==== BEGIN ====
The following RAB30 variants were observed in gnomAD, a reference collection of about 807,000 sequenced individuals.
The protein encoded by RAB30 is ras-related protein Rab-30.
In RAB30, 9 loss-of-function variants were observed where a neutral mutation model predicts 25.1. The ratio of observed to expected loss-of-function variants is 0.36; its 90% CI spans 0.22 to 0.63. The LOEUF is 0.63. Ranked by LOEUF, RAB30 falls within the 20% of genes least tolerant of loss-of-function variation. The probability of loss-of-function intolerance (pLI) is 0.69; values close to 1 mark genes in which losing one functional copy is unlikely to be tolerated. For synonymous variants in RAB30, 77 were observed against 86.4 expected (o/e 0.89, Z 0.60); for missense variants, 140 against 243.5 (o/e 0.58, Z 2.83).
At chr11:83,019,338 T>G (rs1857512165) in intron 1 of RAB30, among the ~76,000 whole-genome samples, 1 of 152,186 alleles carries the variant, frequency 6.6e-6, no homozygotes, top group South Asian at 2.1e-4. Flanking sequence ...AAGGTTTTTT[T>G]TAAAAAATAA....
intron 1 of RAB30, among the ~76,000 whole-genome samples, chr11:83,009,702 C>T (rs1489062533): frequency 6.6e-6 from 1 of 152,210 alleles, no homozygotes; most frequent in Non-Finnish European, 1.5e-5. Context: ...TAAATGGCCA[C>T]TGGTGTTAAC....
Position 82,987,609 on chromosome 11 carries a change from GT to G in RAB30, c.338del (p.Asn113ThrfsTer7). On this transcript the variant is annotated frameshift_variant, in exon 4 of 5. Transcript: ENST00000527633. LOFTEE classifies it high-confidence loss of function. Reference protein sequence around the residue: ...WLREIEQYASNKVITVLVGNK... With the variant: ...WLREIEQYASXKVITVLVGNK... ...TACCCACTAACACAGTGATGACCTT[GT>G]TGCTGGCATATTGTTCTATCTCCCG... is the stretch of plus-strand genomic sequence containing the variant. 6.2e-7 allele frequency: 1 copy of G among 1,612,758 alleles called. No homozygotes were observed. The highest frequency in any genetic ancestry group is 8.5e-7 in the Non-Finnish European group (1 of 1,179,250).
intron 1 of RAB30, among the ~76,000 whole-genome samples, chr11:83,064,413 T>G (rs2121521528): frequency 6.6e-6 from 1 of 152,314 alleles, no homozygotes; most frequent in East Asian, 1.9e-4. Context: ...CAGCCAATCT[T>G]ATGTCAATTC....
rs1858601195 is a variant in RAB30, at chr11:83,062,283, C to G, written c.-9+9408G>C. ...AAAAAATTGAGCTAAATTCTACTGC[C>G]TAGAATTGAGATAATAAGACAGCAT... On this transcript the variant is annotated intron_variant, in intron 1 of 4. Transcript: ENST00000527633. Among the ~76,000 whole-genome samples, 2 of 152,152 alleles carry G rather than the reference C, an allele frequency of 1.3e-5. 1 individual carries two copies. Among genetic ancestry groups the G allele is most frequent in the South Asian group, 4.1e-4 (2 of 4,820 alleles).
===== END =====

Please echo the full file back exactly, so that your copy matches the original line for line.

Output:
The following RAB30 variants were observed in gnomAD, a reference collection of about 807,000 sequenced individuals.
The protein encoded by RAB30 is ras-related protein Rab-30.
In RAB30, 9 loss-of-function variants were observed where a neutral mutation model predicts 25.1. The ratio of observed to expected loss-of-function variants is 0.36; its 90% CI spans 0.22 to 0.63. The LOEUF is 0.63. Ranked by LOEUF, RAB30 falls within the 20% of genes least tolerant of loss-of-function variation. The probability of loss-of-function intolerance (pLI) is 0.69; values close to 1 mark genes in which losing one functional copy is unlikely to be tolerated. For synonymous variants in RAB30, 77 were observed against 86.4 expected (o/e 0.89, Z 0.60); for missense variants, 140 against 243.5 (o/e 0.58, Z 2.83).
At chr11:83,019,338 T>G (rs1857512165) in intron 1 of RAB30, among the ~76,000 whole-genome samples, 1 of 152,186 alleles carries the variant, frequency 6.6e-6, no homozygotes, top group South Asian at 2.1e-4. Flanking sequence ...AAGGTTTTTT[T>G]TAAAAAATAA....
intron 1 of RAB30, among the ~76,000 whole-genome samples, chr11:83,009,702 C>T (rs1489062533): frequency 6.6e-6 from 1 of 152,210 alleles, no homozygotes; most frequent in Non-Finnish European, 1.5e-5. Context: ...TAAATGGCCA[C>T]TGGTGTTAAC....
Position 82,987,609 on chromosome 11 carries a change from GT to G in RAB30, c.338del (p.Asn113ThrfsTer7). On this transcript the variant is annotated frameshift_variant, in exon 4 of 5. Transcript: ENST00000527633. LOFTEE classifies it high-confidence loss of function. Reference protein sequence around the residue: ...WLREIEQYASNKVITVLVGNK... With the variant: ...WLREIEQYASXKVITVLVGNK... ...TACCCACTAACACAGTGATGACCTT[GT>G]TGCTGGCATATTGTTCTATCTCCCG... is the stretch of plus-strand genomic sequence containing the variant. 6.2e-7 allele frequency: 1 copy of G among 1,612,758 alleles called. No homozygotes were observed. The highest frequency in any genetic ancestry group is 8.5e-7 in the Non-Finnish European group (1 of 1,179,250).
intron 1 of RAB30, among the ~76,000 whole-genome samples, chr11:83,064,413 T>G (rs2121521528): frequency 6.6e-6 from 1 of 152,314 alleles, no homozygotes; most frequent in East Asian, 1.9e-4. Context: ...CAGCCAATCT[T>G]ATGTCAATTC....
rs1858601195 is a variant in RAB30, at chr11:83,062,283, C to G, written c.-9+9408G>C. ...AAAAAATTGAGCTAAATTCTACTGC[C>G]TAGAATTGAGATAATAAGACAGCAT... On this transcript the variant is annotated intron_variant, in intron 1 of 4. Transcript: ENST00000527633. Among the ~76,000 whole-genome samples, 2 of 152,152 alleles carry G rather than the reference C, an allele frequency of 1.3e-5. 1 individual carries two copies. Among genetic ancestry groups the G allele is most frequent in the South Asian group, 4.1e-4 (2 of 4,820 alleles).